Literature Related to Three Women in The House of the Seven
The Turner-Ingersoll House, 54 Turner St., Salem, aka "The House of the Seven Gables"(photography by Dan Popp)
of The House of the Seven Gables is "an old maid" caught between the
world of gentility and the world of practicality. She hopes to remain a "lady,"
but this status depends upon wealth (which she no longer has) as well as being
a descendent of a leading family in Salem. Her sojourn into the world of practicality
involves becoming a shopkeeper and earning her own way. Because she is proud
and because she despises her cousin Judge Pyncheon, she refuses his charity
and determines to earn the money she and her brother (soon to be released from
prison) will need for basic necessities. To outsiders Hepzibah's scowl makes
her seem haughty and bitter, although she proves to be shy and kind-hearted.
At crucial points in the novel, she calls upon reserves of inner strength to
protect her brother, but relies upon Phoebe for emotional support.
Hepzibah's young cousin from the country, offers contrasts to Hepzibah. Hepzibah
is timid, reclusive, uncomfortable with shoppers at the cent-shop, and fixed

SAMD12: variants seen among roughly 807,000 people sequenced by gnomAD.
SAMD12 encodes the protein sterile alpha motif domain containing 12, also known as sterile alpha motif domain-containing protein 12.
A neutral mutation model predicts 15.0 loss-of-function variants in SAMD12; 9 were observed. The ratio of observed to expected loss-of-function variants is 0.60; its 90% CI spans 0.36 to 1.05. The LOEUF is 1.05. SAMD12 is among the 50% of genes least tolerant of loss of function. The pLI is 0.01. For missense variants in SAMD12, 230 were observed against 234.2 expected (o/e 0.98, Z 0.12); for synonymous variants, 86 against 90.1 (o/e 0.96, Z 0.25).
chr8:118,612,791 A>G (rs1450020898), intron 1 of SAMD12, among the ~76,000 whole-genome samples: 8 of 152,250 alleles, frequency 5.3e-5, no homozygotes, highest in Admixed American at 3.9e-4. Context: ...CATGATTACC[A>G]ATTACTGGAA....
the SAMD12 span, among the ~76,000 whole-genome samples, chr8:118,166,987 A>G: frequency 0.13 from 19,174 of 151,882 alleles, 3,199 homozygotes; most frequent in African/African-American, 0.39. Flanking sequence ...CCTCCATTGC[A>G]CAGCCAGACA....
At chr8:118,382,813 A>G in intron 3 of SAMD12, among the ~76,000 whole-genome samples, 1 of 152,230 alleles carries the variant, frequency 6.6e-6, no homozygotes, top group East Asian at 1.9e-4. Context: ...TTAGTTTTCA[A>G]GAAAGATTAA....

with a perpetually sour expression. Phoebe, on the other hand, is curious, socially
at ease, charmed by the shoppers, and in the bloom of youth. However, the two
form a close relationship as Hepzibah provides a home for Phoebe and Phoebe
provides companionship to Hepzibah and cheerfully takes over the shop-keeping
duties. Together they care for the tired, much maligned Clifford Pyncheon who
has spent 30 years in jail falsely accused for the murder of his uncle. Phoebe's
presence transforms Seven Gables as she exercises the domestic artistry associated
with a "true woman." Her redemptive powers also transform the lives of Clifford,
Hepzibah and Holgrave, who are drawn out of their shadowy existences by the
light of Phoebe's character.
an ancestor of Hepzibah and Phoebe who lived for a time in Seven Gables, is
described in Holgrave's story to Phoebe. He presents a proud, disdainful woman
who is hypnotized, becoming enslaved to the carpenter Maule's will. Hepzibah
offers a more sympathetic view of Alice and makes reference to her ghostly presence
in the Seven Gables. Alice's self-confidence and independent thinking link her
to other Hawthorne characters, such as Hester Prynne and Zenobia, but her fate
at the hands of the carpenter Maule also links her to Beatrice Rappaccini and